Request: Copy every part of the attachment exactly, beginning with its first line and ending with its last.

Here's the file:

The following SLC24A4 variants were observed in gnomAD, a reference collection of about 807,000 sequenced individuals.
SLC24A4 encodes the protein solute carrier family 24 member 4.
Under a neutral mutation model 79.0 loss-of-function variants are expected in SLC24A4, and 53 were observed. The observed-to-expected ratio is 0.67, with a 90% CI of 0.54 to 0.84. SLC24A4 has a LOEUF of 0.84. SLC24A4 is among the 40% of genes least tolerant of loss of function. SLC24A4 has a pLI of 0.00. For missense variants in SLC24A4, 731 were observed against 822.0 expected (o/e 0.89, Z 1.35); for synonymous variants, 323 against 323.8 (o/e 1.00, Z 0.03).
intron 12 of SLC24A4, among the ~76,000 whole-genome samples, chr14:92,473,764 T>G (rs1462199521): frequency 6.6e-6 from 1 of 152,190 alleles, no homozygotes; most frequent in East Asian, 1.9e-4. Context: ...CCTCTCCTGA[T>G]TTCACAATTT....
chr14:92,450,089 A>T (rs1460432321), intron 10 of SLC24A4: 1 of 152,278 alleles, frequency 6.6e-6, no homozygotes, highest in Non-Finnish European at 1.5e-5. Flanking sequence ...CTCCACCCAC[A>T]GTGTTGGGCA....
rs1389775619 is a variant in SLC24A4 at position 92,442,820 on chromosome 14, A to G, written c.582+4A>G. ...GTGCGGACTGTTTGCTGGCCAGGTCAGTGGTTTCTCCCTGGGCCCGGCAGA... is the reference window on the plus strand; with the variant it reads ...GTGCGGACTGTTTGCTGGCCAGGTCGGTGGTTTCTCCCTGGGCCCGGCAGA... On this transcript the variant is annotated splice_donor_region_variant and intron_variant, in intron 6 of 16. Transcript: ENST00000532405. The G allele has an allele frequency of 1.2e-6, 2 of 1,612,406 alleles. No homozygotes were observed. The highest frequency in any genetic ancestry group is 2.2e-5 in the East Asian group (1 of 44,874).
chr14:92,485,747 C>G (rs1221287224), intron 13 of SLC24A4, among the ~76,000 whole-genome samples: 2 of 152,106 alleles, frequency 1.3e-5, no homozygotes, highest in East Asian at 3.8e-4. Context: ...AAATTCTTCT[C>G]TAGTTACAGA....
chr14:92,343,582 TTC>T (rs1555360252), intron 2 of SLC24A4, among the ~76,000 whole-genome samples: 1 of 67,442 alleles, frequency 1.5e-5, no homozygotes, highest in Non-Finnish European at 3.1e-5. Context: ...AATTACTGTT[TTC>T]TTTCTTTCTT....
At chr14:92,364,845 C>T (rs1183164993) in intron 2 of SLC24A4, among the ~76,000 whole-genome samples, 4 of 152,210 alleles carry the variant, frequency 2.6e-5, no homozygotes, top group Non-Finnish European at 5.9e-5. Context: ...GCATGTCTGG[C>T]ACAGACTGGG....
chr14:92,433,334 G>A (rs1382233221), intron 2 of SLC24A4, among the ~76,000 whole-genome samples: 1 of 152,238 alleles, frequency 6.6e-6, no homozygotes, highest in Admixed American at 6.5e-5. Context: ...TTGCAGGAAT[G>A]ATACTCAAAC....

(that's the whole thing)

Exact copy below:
The following SLC24A4 variants were observed in gnomAD, a reference collection of about 807,000 sequenced individuals.
SLC24A4 encodes the protein solute carrier family 24 member 4.
Under a neutral mutation model 79.0 loss-of-function variants are expected in SLC24A4, and 53 were observed. The observed-to-expected ratio is 0.67, with a 90% CI of 0.54 to 0.84. SLC24A4 has a LOEUF of 0.84. SLC24A4 is among the 40% of genes least tolerant of loss of function. SLC24A4 has a pLI of 0.00. For missense variants in SLC24A4, 731 were observed against 822.0 expected (o/e 0.89, Z 1.35); for synonymous variants, 323 against 323.8 (o/e 1.00, Z 0.03).
intron 12 of SLC24A4, among the ~76,000 whole-genome samples, chr14:92,473,764 T>G (rs1462199521): frequency 6.6e-6 from 1 of 152,190 alleles, no homozygotes; most frequent in East Asian, 1.9e-4. Context: ...CCTCTCCTGA[T>G]TTCACAATTT....
chr14:92,450,089 A>T (rs1460432321), intron 10 of SLC24A4: 1 of 152,278 alleles, frequency 6.6e-6, no homozygotes, highest in Non-Finnish European at 1.5e-5. Flanking sequence ...CTCCACCCAC[A>T]GTGTTGGGCA....
rs1389775619 is a variant in SLC24A4 at position 92,442,820 on chromosome 14, A to G, written c.582+4A>G. ...GTGCGGACTGTTTGCTGGCCAGGTCAGTGGTTTCTCCCTGGGCCCGGCAGA... is the reference window on the plus strand; with the variant it reads ...GTGCGGACTGTTTGCTGGCCAGGTCGGTGGTTTCTCCCTGGGCCCGGCAGA... On this transcript the variant is annotated splice_donor_region_variant and intron_variant, in intron 6 of 16. Transcript: ENST00000532405. The G allele has an allele frequency of 1.2e-6, 2 of 1,612,406 alleles. No homozygotes were observed. The highest frequency in any genetic ancestry group is 2.2e-5 in the East Asian group (1 of 44,874).
chr14:92,485,747 C>G (rs1221287224), intron 13 of SLC24A4, among the ~76,000 whole-genome samples: 2 of 152,106 alleles, frequency 1.3e-5, no homozygotes, highest in East Asian at 3.8e-4. Context: ...AAATTCTTCT[C>G]TAGTTACAGA....
chr14:92,343,582 TTC>T (rs1555360252), intron 2 of SLC24A4, among the ~76,000 whole-genome samples: 1 of 67,442 alleles, frequency 1.5e-5, no homozygotes, highest in Non-Finnish European at 3.1e-5. Context: ...AATTACTGTT[TTC>T]TTTCTTTCTT....
At chr14:92,364,845 C>T (rs1183164993) in intron 2 of SLC24A4, among the ~76,000 whole-genome samples, 4 of 152,210 alleles carry the variant, frequency 2.6e-5, no homozygotes, top group Non-Finnish European at 5.9e-5. Context: ...GCATGTCTGG[C>T]ACAGACTGGG....
chr14:92,433,334 G>A (rs1382233221), intron 2 of SLC24A4, among the ~76,000 whole-genome samples: 1 of 152,238 alleles, frequency 6.6e-6, no homozygotes, highest in Admixed American at 6.5e-5. Context: ...TTGCAGGAAT[G>A]ATACTCAAAC....